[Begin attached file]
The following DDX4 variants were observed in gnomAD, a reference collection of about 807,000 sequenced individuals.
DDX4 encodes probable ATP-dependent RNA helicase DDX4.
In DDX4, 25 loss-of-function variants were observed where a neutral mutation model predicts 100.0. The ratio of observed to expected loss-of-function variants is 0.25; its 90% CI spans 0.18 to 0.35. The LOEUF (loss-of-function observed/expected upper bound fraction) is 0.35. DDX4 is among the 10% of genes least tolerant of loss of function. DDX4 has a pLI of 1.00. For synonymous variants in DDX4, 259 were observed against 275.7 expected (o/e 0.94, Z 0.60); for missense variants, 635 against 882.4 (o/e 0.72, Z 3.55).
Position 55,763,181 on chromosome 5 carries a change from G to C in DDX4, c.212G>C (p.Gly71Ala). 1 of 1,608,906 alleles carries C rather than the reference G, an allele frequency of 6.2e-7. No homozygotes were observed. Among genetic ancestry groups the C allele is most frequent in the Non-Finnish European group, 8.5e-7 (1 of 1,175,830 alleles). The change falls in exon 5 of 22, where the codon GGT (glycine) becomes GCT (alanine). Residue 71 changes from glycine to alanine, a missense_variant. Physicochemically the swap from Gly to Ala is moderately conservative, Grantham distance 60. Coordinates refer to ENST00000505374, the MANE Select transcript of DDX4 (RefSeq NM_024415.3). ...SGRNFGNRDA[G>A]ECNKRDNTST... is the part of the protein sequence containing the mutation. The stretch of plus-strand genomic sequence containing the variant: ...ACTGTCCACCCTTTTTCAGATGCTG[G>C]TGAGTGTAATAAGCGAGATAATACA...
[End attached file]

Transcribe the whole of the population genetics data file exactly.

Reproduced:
The following DDX4 variants were observed in gnomAD, a reference collection of about 807,000 sequenced individuals.
DDX4 encodes probable ATP-dependent RNA helicase DDX4.
In DDX4, 25 loss-of-function variants were observed where a neutral mutation model predicts 100.0. The ratio of observed to expected loss-of-function variants is 0.25; its 90% CI spans 0.18 to 0.35. The LOEUF (loss-of-function observed/expected upper bound fraction) is 0.35. DDX4 is among the 10% of genes least tolerant of loss of function. DDX4 has a pLI of 1.00. For synonymous variants in DDX4, 259 were observed against 275.7 expected (o/e 0.94, Z 0.60); for missense variants, 635 against 882.4 (o/e 0.72, Z 3.55).
Position 55,763,181 on chromosome 5 carries a change from G to C in DDX4, c.212G>C (p.Gly71Ala). 1 of 1,608,906 alleles carries C rather than the reference G, an allele frequency of 6.2e-7. No homozygotes were observed. Among genetic ancestry groups the C allele is most frequent in the Non-Finnish European group, 8.5e-7 (1 of 1,175,830 alleles). The change falls in exon 5 of 22, where the codon GGT (glycine) becomes GCT (alanine). Residue 71 changes from glycine to alanine, a missense_variant. Physicochemically the swap from Gly to Ala is moderately conservative, Grantham distance 60. Coordinates refer to ENST00000505374, the MANE Select transcript of DDX4 (RefSeq NM_024415.3). ...SGRNFGNRDA[G>A]ECNKRDNTST... is the part of the protein sequence containing the mutation. The stretch of plus-strand genomic sequence containing the variant: ...ACTGTCCACCCTTTTTCAGATGCTG[G>C]TGAGTGTAATAAGCGAGATAATACA...